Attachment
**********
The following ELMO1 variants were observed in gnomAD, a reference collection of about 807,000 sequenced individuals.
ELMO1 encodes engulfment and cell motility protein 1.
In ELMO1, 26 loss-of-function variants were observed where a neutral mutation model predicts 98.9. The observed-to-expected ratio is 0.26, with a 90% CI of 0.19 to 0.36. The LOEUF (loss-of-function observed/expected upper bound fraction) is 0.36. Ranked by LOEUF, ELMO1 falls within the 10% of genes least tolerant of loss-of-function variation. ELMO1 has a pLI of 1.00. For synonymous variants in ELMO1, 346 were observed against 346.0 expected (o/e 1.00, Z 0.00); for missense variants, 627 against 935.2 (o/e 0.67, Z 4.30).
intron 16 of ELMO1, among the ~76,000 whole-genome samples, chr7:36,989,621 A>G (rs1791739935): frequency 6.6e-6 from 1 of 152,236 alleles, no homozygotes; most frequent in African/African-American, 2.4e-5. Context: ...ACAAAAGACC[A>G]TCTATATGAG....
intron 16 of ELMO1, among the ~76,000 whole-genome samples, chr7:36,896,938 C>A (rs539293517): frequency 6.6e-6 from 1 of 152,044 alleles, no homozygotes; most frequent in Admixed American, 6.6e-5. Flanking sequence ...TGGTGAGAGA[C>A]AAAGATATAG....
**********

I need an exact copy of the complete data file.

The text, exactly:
The following ELMO1 variants were observed in gnomAD, a reference collection of about 807,000 sequenced individuals.
ELMO1 encodes engulfment and cell motility protein 1.
In ELMO1, 26 loss-of-function variants were observed where a neutral mutation model predicts 98.9. The observed-to-expected ratio is 0.26, with a 90% CI of 0.19 to 0.36. The LOEUF (loss-of-function observed/expected upper bound fraction) is 0.36. Ranked by LOEUF, ELMO1 falls within the 10% of genes least tolerant of loss-of-function variation. ELMO1 has a pLI of 1.00. For synonymous variants in ELMO1, 346 were observed against 346.0 expected (o/e 1.00, Z 0.00); for missense variants, 627 against 935.2 (o/e 0.67, Z 4.30).
intron 16 of ELMO1, among the ~76,000 whole-genome samples, chr7:36,989,621 A>G (rs1791739935): frequency 6.6e-6 from 1 of 152,236 alleles, no homozygotes; most frequent in African/African-American, 2.4e-5. Context: ...ACAAAAGACC[A>G]TCTATATGAG....
intron 16 of ELMO1, among the ~76,000 whole-genome samples, chr7:36,896,938 C>A (rs539293517): frequency 6.6e-6 from 1 of 152,044 alleles, no homozygotes; most frequent in Admixed American, 6.6e-5. Flanking sequence ...TGGTGAGAGA[C>A]AAAGATATAG....